When I was eleven, I was cast in the musical Ragtime. I’d been doing theater for a few years by then, and had already become a bit disillusioned with the arts; even though I loved rehearsing and performing with my friends, I wanted to focus on making an impact on the world, not spend my time participating in seemingly frivolous theater performances. But just a few hours into the first rehearsal for Ragtime, something in my head clicked. This show, about the intersecting worlds of Jewish immigrants, African Americans, and upper-class white people, showed me that theater itself could be a vehicle for social change. Theater could bring communities together, and start important dialogues.
This realization reenergized my love for theater, and carried me through many more seasons of shows. But by my sophomore year of high school, I started to feel restless again. Sparking conversations about important social issues was important, but it didn’t feel like quite enough. At the time, my theater company was putting on a production of Spring Awakening, a show that deals with issues of mental health, suicide, abortion, sexuality, and finding your own identity as a teenager.
The show resonated very strongly with the entire cast because it deals with struggles that we as teenagers experience on a day-to-day basis. After a few rehearsals, my friend Josie had the idea to use the show as a platform to raise money for a local nonprofit organization, so that we could translate the show’s message into action. Josie initiated a partnership with a local suicide-prevention organization, and after every performance we collected donations that went directly to them.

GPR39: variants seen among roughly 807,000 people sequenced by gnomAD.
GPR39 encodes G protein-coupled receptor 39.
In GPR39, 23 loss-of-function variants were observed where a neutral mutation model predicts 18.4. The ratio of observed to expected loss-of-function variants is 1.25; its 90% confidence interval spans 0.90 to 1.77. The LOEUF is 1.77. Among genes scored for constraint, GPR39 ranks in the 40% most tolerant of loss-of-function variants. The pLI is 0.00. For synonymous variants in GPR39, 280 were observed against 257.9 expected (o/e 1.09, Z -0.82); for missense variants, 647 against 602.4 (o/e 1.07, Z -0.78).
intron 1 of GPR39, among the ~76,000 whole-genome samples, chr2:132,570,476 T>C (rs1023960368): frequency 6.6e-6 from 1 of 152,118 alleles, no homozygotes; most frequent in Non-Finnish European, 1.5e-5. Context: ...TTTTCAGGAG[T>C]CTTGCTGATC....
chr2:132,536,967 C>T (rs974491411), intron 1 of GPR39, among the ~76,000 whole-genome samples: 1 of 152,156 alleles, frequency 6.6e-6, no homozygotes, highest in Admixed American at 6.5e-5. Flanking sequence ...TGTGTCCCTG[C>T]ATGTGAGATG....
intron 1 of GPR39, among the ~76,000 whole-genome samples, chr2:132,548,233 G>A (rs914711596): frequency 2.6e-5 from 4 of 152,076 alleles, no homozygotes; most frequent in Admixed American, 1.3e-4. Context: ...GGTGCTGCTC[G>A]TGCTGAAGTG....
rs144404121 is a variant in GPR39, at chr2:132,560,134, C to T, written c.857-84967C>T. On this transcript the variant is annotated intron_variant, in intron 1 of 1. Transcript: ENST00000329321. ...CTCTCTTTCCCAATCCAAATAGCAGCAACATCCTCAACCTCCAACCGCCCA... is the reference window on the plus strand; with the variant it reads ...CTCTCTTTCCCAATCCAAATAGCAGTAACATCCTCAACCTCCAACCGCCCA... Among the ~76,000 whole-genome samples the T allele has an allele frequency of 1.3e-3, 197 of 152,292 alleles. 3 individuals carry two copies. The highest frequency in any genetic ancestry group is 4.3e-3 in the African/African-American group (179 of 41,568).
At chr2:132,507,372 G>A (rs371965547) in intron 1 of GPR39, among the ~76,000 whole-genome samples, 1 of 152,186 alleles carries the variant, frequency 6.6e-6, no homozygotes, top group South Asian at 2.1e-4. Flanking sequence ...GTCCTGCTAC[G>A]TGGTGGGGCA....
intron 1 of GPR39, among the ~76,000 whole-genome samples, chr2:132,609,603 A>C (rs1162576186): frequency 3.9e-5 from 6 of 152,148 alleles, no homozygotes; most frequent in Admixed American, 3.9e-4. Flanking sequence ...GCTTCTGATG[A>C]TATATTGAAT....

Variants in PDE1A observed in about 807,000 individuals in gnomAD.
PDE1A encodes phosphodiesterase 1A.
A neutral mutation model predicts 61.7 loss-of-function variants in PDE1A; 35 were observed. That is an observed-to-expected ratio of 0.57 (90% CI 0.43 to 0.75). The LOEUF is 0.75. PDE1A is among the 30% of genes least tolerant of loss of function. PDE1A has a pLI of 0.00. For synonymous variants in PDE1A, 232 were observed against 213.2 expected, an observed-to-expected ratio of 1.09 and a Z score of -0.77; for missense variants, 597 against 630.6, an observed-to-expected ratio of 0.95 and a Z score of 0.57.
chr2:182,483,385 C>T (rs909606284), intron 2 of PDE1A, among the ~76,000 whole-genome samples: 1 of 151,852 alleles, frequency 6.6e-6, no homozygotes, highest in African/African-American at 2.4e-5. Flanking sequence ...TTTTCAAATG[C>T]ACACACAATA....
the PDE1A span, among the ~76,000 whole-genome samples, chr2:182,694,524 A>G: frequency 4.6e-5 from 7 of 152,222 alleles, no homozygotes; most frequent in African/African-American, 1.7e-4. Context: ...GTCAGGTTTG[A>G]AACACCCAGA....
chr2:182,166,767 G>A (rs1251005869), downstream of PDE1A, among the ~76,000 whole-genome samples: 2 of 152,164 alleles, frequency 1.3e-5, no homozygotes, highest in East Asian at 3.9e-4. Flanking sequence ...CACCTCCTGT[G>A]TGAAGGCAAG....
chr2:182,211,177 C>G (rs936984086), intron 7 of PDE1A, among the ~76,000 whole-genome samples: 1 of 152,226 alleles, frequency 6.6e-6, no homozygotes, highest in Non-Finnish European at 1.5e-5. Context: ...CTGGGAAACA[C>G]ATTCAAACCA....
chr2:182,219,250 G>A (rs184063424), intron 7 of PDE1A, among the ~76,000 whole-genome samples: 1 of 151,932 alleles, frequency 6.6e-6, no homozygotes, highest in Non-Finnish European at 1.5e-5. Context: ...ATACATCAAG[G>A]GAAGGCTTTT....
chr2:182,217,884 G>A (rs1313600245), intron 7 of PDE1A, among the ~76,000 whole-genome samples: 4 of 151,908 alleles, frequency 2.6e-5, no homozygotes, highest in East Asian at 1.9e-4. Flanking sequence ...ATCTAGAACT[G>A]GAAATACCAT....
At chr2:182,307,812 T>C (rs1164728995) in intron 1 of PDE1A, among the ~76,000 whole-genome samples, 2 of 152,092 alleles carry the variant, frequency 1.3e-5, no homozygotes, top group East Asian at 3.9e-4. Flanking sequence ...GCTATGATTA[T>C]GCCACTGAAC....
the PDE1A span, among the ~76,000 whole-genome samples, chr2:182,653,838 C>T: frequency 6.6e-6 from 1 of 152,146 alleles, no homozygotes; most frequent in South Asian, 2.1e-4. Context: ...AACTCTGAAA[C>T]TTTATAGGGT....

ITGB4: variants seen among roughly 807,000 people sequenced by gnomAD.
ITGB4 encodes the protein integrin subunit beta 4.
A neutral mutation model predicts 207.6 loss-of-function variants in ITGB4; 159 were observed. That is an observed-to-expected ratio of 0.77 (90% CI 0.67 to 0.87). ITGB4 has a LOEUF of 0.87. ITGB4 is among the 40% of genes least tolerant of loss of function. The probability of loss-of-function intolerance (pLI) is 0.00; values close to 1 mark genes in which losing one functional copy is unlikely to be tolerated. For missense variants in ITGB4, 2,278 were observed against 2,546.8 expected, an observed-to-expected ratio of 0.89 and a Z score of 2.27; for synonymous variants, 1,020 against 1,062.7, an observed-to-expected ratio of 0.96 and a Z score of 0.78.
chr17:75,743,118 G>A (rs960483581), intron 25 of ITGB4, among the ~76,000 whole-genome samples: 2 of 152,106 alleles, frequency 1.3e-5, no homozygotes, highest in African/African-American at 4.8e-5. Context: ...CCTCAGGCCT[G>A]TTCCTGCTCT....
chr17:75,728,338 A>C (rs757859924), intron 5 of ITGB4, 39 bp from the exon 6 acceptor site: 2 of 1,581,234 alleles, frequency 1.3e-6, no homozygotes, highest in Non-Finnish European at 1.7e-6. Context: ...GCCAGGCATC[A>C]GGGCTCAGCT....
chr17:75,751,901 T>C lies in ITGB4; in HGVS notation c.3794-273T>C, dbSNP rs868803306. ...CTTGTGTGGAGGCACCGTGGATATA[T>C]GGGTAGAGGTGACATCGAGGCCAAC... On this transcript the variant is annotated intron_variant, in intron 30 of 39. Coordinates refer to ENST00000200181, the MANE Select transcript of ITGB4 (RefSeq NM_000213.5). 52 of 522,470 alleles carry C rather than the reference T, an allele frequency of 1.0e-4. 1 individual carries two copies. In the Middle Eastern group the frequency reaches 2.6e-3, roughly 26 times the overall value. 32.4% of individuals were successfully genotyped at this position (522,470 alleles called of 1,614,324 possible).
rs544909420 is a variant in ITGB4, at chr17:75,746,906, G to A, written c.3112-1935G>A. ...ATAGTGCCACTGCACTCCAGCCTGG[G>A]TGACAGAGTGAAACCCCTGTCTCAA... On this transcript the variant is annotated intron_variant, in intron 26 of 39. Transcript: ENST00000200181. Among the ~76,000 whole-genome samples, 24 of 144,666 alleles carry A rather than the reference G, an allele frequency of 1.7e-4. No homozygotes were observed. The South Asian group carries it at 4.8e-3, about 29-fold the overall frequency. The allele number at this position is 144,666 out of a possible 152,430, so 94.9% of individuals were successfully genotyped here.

After taking that meaningful first step with Spring Awakening, I worked with a few of my peers to found the Actors’ Helping Alliance through our theater company. Every season we pick a charity to partner with whose mission is connected to central themes in the show we’re performing. In this way, we spark important conversations in our community, and pair it with giving people the opportunity to do good in very real ways. We put on cabarets to fundraise for our company’s financial aid fund, and we even staged a reading of The Diary of Anne Frank in response to the outbreak of white supremacist violence in Charlottesville last year.
While each of these actions might seem small on their own, to me they represent a cultural shift in my community. Our work is changing the perspectives of actors and audience members alike about the purpose of theater and art, and proving that theater doesn’t just have to be about entertainment— it can generate real social impact as well. Starting the Actors’ Helping Alliance has been my way of pursuing social justice in my community and beyond, and of acting on that feeling I had all those years ago while doing Ragtime.
We take one final bow, and the lights go down. We’re exhilarated and exhausted at the same time, but we have one more job to do. I grab my friend’s hand, step forward, and wait for the lights to pick up again. “Hi, I’m Shira, and this is Molly, and we’re members of the Actors’ Helping Alliance.”
This piece was written as part of JWA’s Rising Voices Fellowship.
How to cite this page
Minsk, Shira. "Redefining Theater." 20 May 2019. Jewish Women's Archive. (Viewed on June 18, 2019) <https://jwa.org/blog/risingvoices/redefining-theater>.